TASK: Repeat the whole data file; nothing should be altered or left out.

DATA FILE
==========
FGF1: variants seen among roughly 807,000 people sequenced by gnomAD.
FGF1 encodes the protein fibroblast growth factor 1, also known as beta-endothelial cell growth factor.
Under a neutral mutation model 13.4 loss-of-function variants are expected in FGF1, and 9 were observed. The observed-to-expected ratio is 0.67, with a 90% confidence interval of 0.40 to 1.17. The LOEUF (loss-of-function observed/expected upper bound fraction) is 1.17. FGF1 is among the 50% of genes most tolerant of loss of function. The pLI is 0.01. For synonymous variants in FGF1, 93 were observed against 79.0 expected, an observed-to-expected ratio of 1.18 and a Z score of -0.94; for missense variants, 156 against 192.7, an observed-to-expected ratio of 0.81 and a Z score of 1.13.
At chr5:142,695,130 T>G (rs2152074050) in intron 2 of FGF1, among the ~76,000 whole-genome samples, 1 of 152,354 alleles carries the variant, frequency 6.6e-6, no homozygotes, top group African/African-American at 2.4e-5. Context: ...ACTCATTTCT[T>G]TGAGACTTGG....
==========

FGF1: variants seen among roughly 807,000 people sequenced by gnomAD.
FGF1 encodes the protein fibroblast growth factor 1, also known as beta-endothelial cell growth factor.
Under a neutral mutation model 13.4 loss-of-function variants are expected in FGF1, and 9 were observed. The observed-to-expected ratio is 0.67, with a 90% confidence interval of 0.40 to 1.17. The LOEUF (loss-of-function observed/expected upper bound fraction) is 1.17. FGF1 is among the 50% of genes most tolerant of loss of function. The pLI is 0.01. For synonymous variants in FGF1, 93 were observed against 79.0 expected, an observed-to-expected ratio of 1.18 and a Z score of -0.94; for missense variants, 156 against 192.7, an observed-to-expected ratio of 0.81 and a Z score of 1.13.
At chr5:142,695,130 T>G (rs2152074050) in intron 2 of FGF1, among the ~76,000 whole-genome samples, 1 of 152,354 alleles carries the variant, frequency 6.6e-6, no homozygotes, top group African/African-American at 2.4e-5. Context: ...ACTCATTTCT[T>G]TGAGACTTGG....